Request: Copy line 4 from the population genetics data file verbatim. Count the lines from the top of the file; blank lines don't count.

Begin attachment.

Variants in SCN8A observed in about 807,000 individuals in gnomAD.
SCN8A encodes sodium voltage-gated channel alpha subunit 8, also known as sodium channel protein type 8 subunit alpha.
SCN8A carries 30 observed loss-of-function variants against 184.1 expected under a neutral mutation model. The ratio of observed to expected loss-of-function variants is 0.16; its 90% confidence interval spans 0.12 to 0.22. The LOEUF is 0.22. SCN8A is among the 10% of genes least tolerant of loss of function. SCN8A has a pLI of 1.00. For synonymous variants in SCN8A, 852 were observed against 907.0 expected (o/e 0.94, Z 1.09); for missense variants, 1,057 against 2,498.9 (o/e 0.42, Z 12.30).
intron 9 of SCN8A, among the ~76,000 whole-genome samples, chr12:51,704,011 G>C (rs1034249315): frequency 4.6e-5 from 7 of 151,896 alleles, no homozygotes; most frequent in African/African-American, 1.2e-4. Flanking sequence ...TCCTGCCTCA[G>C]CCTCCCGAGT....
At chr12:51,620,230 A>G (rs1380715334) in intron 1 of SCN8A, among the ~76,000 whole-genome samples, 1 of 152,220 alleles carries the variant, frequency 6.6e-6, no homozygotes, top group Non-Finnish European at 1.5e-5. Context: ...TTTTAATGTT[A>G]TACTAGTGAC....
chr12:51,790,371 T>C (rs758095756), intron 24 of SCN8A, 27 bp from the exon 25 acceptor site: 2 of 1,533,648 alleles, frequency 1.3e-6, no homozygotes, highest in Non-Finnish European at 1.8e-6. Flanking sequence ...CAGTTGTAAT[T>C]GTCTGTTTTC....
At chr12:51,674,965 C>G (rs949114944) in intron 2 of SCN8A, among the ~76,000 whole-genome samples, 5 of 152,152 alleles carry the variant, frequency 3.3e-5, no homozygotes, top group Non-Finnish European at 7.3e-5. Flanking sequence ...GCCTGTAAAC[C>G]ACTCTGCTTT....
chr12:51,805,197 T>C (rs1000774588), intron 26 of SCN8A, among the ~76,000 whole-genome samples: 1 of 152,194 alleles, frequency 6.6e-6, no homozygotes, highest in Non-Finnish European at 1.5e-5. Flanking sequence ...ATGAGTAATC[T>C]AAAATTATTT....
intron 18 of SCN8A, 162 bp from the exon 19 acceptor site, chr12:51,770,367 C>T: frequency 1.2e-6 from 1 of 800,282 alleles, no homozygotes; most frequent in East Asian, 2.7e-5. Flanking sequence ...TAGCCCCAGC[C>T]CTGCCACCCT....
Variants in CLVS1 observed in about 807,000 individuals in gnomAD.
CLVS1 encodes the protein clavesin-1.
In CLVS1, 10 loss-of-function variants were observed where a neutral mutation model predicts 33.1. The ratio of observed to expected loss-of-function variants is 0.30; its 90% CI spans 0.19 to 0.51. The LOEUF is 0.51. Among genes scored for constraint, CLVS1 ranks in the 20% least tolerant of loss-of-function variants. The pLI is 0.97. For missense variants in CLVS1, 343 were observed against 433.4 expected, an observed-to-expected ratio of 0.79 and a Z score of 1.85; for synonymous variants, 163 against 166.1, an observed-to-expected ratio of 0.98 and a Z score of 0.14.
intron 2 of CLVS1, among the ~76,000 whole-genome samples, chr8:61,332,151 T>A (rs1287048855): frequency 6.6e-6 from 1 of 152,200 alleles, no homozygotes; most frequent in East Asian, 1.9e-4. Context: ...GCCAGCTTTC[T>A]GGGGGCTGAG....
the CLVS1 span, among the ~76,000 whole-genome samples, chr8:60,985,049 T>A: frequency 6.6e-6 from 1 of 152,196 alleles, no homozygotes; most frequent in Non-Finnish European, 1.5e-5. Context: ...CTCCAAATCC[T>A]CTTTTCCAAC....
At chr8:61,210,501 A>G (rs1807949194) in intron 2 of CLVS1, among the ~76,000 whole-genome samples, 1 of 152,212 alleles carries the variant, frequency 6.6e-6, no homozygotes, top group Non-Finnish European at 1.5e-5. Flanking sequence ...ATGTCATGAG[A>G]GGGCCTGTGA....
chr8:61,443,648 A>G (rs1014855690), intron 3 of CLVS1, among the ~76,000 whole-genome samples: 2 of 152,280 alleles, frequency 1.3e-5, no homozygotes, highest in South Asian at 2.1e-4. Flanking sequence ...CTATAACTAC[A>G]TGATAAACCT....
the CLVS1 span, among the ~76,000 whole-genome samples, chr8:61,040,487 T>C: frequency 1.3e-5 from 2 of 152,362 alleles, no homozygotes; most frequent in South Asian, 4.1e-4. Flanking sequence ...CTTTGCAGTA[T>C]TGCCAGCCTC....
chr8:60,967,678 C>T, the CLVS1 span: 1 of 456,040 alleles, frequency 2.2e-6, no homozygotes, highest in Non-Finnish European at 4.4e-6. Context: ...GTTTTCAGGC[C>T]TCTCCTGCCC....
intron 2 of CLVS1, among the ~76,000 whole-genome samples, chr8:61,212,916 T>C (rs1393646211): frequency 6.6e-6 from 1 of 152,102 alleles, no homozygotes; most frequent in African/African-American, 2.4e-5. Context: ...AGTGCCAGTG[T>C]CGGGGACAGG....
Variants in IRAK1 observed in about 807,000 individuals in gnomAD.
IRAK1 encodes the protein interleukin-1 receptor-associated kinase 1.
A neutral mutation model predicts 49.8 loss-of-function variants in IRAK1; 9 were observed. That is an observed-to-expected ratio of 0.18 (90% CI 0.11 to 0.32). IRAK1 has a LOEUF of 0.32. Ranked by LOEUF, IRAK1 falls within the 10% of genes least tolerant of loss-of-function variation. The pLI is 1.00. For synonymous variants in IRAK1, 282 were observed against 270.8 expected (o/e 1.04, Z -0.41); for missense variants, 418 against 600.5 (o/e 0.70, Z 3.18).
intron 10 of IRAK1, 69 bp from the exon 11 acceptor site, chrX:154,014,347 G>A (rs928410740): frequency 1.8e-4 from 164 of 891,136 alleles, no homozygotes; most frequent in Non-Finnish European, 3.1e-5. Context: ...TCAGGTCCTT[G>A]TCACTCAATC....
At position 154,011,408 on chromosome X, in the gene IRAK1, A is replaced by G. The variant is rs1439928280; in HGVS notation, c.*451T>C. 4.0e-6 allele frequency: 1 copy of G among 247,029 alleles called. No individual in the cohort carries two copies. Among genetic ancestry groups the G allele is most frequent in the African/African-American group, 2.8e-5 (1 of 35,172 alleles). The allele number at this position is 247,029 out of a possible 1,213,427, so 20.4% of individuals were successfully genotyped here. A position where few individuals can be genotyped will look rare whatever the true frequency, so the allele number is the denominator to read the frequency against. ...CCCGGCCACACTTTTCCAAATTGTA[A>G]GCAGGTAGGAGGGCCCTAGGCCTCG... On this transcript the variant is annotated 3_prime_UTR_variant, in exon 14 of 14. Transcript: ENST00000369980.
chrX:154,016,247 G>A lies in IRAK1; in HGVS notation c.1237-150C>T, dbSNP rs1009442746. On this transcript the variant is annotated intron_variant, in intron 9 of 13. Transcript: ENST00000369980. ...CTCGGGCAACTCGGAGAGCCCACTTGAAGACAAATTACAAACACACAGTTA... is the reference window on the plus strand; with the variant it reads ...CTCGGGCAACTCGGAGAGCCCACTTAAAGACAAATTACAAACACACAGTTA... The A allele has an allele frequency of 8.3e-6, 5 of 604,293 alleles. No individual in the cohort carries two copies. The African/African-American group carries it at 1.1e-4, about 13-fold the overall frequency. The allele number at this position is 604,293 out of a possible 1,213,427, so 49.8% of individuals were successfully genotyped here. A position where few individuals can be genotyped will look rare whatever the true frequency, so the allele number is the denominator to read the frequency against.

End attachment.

intron 9 of SCN8A, among the ~76,000 whole-genome samples, chr12:51,704,011 G>C (rs1034249315): frequency 4.6e-5 from 7 of 151,896 alleles, no homozygotes; most frequent in African/African-American, 1.2e-4. Flanking sequence ...TCCTGCCTCA[G>C]CCTCCCGAGT....